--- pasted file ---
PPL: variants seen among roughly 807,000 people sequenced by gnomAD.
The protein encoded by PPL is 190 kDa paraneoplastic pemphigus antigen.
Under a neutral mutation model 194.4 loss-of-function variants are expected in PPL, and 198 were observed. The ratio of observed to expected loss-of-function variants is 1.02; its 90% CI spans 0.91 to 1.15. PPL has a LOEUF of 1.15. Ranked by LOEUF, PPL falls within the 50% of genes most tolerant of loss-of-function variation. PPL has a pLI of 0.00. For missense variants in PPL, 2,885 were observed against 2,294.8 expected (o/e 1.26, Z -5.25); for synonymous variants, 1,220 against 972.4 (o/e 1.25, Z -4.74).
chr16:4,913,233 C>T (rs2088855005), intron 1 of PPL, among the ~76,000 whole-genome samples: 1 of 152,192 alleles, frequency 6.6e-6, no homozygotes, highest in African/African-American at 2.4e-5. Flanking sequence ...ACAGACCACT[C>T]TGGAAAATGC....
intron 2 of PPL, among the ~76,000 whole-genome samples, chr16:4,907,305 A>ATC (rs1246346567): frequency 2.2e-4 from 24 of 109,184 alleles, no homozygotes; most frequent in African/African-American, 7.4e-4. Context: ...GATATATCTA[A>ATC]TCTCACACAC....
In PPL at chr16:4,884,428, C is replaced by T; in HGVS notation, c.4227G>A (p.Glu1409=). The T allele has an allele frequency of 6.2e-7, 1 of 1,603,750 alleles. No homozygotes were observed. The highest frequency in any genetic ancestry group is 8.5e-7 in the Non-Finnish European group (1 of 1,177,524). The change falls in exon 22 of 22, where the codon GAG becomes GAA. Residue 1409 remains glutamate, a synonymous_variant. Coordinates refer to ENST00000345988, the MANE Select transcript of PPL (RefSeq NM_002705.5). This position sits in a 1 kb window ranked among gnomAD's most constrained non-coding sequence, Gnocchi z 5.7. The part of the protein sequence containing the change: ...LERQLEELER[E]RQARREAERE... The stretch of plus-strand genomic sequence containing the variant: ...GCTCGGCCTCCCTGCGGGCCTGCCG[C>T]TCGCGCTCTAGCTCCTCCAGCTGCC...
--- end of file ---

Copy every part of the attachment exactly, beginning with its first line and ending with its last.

PPL: variants seen among roughly 807,000 people sequenced by gnomAD.
The protein encoded by PPL is 190 kDa paraneoplastic pemphigus antigen.
Under a neutral mutation model 194.4 loss-of-function variants are expected in PPL, and 198 were observed. The ratio of observed to expected loss-of-function variants is 1.02; its 90% CI spans 0.91 to 1.15. PPL has a LOEUF of 1.15. Ranked by LOEUF, PPL falls within the 50% of genes most tolerant of loss-of-function variation. PPL has a pLI of 0.00. For missense variants in PPL, 2,885 were observed against 2,294.8 expected (o/e 1.26, Z -5.25); for synonymous variants, 1,220 against 972.4 (o/e 1.25, Z -4.74).
chr16:4,913,233 C>T (rs2088855005), intron 1 of PPL, among the ~76,000 whole-genome samples: 1 of 152,192 alleles, frequency 6.6e-6, no homozygotes, highest in African/African-American at 2.4e-5. Flanking sequence ...ACAGACCACT[C>T]TGGAAAATGC....
intron 2 of PPL, among the ~76,000 whole-genome samples, chr16:4,907,305 A>ATC (rs1246346567): frequency 2.2e-4 from 24 of 109,184 alleles, no homozygotes; most frequent in African/African-American, 7.4e-4. Context: ...GATATATCTA[A>ATC]TCTCACACAC....
In PPL at chr16:4,884,428, C is replaced by T; in HGVS notation, c.4227G>A (p.Glu1409=). The T allele has an allele frequency of 6.2e-7, 1 of 1,603,750 alleles. No homozygotes were observed. The highest frequency in any genetic ancestry group is 8.5e-7 in the Non-Finnish European group (1 of 1,177,524). The change falls in exon 22 of 22, where the codon GAG becomes GAA. Residue 1409 remains glutamate, a synonymous_variant. Coordinates refer to ENST00000345988, the MANE Select transcript of PPL (RefSeq NM_002705.5). This position sits in a 1 kb window ranked among gnomAD's most constrained non-coding sequence, Gnocchi z 5.7. The part of the protein sequence containing the change: ...LERQLEELER[E]RQARREAERE... The stretch of plus-strand genomic sequence containing the variant: ...GCTCGGCCTCCCTGCGGGCCTGCCG[C>T]TCGCGCTCTAGCTCCTCCAGCTGCC...